The unfortunate part is that while it is not soft, for large companies, insurance has not gone up dramatically. In fact, catastrophy insurance, earthquake, flood and hurricane has actually come down quite a bit in the last few years, even though it is extremely high still. My last company I was with we never bought earthquake coverage given that we could spend that money on other loss control techniques like bracing servers and upgrading buildings.

    Think about the cost of a particular coverage and see if you can use those premium funds to pay for upgrades or improvements to your facilitity. The person who referenced the wine, they could probably get that exclusion removed for a price, or maybe you can pay for a generator. Remember insurance is just a tool in a “risk managers” tool belt!

  3. Anonymous

    Technically, hurricane territory is along the entire East Coast and Gulf Coast. Although, the southern most portion of the East Coast, NC and south, will bear the brunt.

    Insurers are pricing the coverage more accurately now, as computer models are becoming more sophisticated. This is a big reason why prices are going up. Insurance companies are willing to insure any risk, provided they can accurate calculate and charge the right price.

  4. Anonymous

    I don’t know how people living in hurricane country do it. Us northerners get flak for the cold weather, but at least it’s not so terrifying! Where exactly does hurricane territory start? As far north as North Carolina, isn’t it?

  5. Anonymous

    In all probability, wind and hail (hurricane) insurance will likely drop in cost only if we have a series of hurricane seasons with no major storms.

    If this happens, the insurance company profits should raise substantially and allow them to discount their prices and compete with others.

    In the mean time, I’m paying an arm & a leg for my insurance on two properties in South Alabama. In the future, I will likely try and avoid coastal counties and at least buy two counties in from the coast.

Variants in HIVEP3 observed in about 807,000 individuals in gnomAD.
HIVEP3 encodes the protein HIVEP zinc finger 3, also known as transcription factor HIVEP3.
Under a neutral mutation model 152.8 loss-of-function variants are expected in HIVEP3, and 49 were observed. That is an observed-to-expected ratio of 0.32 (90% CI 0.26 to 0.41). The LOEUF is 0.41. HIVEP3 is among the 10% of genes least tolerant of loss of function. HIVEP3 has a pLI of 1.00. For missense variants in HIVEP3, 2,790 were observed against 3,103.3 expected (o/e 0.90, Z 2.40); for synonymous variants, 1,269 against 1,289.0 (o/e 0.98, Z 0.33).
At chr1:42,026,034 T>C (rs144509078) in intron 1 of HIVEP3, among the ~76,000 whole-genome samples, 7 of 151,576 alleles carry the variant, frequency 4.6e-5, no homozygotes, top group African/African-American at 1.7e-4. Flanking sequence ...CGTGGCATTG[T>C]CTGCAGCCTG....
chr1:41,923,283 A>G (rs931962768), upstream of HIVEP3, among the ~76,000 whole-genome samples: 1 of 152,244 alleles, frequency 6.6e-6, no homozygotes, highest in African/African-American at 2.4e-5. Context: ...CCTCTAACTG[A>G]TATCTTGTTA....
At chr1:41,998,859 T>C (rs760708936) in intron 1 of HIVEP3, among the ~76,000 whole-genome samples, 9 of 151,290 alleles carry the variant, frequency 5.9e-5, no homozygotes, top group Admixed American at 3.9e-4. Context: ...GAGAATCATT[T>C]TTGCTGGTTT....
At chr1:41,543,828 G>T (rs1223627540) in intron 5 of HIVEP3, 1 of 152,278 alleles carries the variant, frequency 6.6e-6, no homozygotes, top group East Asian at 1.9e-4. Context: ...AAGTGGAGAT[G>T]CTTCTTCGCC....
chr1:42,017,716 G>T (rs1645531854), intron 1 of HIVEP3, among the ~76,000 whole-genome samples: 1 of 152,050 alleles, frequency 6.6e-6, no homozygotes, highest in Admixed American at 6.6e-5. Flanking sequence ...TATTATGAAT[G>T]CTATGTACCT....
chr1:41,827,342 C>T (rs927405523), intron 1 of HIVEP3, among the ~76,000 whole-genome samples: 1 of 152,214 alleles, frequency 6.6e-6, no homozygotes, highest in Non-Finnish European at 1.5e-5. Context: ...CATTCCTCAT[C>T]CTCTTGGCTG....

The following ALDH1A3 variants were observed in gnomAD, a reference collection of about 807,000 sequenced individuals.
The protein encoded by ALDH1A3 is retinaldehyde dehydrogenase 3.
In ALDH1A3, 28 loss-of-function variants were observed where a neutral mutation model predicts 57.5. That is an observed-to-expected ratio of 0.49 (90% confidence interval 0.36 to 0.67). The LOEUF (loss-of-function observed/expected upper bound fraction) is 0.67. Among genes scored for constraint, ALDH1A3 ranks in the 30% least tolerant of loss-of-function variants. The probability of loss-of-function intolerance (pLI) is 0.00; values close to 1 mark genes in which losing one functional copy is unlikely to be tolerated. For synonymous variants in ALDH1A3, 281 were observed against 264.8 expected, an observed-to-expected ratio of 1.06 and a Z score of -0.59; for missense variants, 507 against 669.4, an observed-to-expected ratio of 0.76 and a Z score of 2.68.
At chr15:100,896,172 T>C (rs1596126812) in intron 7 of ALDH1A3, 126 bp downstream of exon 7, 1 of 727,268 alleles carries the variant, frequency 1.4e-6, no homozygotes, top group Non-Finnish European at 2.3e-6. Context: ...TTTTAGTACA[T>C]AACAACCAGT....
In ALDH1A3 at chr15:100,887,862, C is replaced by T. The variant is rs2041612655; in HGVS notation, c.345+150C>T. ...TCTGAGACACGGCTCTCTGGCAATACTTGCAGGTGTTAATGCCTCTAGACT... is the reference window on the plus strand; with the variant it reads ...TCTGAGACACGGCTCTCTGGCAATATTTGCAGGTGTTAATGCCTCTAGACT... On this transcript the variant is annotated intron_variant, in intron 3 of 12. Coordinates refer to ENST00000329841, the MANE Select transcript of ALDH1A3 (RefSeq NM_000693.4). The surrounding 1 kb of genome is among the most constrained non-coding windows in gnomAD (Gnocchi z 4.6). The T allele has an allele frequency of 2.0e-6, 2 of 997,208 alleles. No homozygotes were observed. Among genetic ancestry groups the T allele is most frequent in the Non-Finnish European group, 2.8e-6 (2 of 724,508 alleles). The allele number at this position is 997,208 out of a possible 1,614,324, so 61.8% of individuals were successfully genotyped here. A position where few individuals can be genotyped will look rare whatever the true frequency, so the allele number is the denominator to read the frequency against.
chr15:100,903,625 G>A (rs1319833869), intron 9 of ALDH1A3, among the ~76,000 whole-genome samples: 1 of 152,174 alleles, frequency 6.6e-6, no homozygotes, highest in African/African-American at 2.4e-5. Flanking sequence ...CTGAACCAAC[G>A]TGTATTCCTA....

6. Anonymous

    Like all insurance polices, you must account for an contingenices. It is best to talk with a representative directly at the company as well as your independent agent. Too many times people are not aware of what their policies do not cover.

  7. Anonymous

    Another thing to watch for in your insurance policies is whether or not they pay for damages due to “temperature change”. I am from New Orleans and my family owns a large restaurant there in the French Quarter. While we were very blessed with limited damage from Katrina we did lose lots of wine due to sitting in hot buildings for 6 weeks (both at the house and restaurant). We were under the assumption this was covered by the various policies but both the restaurant and home owners policy had an obscure clause in it which excluded paying for damages due to “temperature change”. If you have items that could fall into this category this is something to look into.

  8. Anonymous

    The funny thing with property and casalty insurance is that the people who need the insurance the most, usually can’t get it. As you mentioned, they get dropped.

    To understand why– think about the business model: collect premiums from as many people as possible and hope not as many have claims. How to be more profitable? Collect more premiums and pay out less . . . How to payout less? Don’t take premiums from people most likely to someday need a payout!